The microelectromechanical (MEMS)-based magnetometer of the invention designed on the magnetoelastic effect fulfills the need for sensitive, small, low-cost and low-power-consumption capabilities missing in current devices. The active transduction element is a silicon microcantilever coated with an amorphous thin film of the giant magnetostrictive alloy Terfenol-D.

In addition to the magnetostrictive transducer, basic components of the magnetometer include: (a) mechanical resonance of the coated-microcantilever through coupling to an ac magnetic field induced in coils wound around a Lexan spindle; and (b) detection by optical beam deflection of the microcantilever motion utilizing a laser diode source and a position-sensitive detector. The Lexan forms house a second, parallel set of coils that serve as a dc field and bias supply, with an approximate field of 2 μT/mA. The Lexan cradle with a core diameter at 2 cm and a coil separation of 1 cm approximates a Helmholtz configuration for the bias field and sets the size of the active magnetometer elements.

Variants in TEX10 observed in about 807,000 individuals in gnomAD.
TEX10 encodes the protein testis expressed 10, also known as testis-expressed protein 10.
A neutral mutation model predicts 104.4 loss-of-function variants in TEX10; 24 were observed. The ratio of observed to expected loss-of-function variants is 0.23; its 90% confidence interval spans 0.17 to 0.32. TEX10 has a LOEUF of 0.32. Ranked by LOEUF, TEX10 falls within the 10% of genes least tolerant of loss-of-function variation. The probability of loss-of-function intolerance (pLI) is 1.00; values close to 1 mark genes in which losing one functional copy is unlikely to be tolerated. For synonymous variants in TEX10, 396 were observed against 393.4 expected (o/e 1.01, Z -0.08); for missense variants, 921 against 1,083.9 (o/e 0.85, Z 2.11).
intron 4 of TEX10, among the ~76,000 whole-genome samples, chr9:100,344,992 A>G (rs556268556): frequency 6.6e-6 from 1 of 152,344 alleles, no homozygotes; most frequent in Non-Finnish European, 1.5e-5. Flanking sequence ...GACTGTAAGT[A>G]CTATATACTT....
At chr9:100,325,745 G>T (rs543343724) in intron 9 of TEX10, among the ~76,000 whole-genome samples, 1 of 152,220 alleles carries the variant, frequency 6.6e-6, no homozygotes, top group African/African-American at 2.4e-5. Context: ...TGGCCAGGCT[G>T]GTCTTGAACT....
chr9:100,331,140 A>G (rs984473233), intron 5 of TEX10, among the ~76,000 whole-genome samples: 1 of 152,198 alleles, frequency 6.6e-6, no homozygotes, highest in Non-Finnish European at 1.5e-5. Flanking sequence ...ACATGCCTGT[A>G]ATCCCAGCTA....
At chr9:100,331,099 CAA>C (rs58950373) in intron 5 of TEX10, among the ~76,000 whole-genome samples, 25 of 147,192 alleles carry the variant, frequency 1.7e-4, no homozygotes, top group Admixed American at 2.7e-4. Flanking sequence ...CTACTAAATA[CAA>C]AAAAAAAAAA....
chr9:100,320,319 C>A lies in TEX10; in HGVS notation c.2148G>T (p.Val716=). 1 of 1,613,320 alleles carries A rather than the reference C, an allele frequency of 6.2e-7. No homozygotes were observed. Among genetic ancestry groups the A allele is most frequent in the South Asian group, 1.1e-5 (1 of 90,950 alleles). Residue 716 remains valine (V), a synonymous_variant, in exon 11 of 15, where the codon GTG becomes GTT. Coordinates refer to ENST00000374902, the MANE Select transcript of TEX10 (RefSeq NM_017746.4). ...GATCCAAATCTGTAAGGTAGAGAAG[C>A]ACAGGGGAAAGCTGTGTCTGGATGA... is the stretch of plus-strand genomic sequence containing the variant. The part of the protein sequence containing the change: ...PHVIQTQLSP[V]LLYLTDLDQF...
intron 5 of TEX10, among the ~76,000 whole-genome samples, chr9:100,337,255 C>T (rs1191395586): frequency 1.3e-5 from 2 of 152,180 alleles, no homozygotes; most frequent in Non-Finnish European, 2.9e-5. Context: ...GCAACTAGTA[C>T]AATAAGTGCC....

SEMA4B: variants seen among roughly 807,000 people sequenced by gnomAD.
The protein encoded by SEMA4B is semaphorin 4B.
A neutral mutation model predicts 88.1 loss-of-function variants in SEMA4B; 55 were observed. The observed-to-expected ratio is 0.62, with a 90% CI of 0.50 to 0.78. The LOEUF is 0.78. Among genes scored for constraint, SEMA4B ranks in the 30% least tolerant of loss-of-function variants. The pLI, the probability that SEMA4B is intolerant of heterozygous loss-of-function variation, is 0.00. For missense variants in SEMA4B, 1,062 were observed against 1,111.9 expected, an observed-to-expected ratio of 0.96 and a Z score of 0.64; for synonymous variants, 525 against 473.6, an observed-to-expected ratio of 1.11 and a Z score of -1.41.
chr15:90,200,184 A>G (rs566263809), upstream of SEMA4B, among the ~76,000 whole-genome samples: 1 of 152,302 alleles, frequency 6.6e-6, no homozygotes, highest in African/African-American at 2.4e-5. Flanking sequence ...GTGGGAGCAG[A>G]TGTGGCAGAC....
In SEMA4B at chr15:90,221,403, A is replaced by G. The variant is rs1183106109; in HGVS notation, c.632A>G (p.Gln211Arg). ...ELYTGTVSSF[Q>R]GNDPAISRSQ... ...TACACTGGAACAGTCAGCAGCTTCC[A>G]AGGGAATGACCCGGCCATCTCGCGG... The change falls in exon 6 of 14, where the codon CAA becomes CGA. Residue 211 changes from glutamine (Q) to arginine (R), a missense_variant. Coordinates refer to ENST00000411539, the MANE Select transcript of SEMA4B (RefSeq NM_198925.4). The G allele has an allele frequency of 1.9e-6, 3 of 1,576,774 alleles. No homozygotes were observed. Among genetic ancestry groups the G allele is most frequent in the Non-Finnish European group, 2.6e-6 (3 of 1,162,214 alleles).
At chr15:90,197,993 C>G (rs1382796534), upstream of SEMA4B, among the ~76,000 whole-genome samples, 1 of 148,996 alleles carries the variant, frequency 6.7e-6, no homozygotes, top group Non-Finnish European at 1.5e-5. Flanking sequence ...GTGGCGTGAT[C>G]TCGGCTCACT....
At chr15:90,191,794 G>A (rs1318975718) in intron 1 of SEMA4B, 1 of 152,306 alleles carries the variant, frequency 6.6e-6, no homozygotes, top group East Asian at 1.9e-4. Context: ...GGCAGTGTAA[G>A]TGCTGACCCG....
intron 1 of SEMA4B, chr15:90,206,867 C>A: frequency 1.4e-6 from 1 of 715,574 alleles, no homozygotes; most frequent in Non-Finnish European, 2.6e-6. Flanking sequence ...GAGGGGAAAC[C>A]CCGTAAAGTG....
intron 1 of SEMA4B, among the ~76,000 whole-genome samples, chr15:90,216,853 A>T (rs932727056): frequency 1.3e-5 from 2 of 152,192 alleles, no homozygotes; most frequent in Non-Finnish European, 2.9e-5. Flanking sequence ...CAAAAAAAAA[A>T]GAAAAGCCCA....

Currently, the sensitivity of the MEMS-based magnetostrictive magnetometer of the invention is ˜1 μT.


FIG. 1 illustrates the microelectromechanical-based magnetostrictive magnetometer of the invention.

FIG. 2 is a plot showing the response of the invention of FIG. 1 to increasing (circles) and decreasing (squares) dc magnetic field.


When a polycrystalline ferromagnetic sample is placed in a magnetic field, it either elongates or contracts along the field direction and does the opposite in the transverse direction, to maintain an almost constant volume. Such changes in dimension, below the Curie temperature, are caused by rotation of the magnetic domains in the material and are called magnetostriction.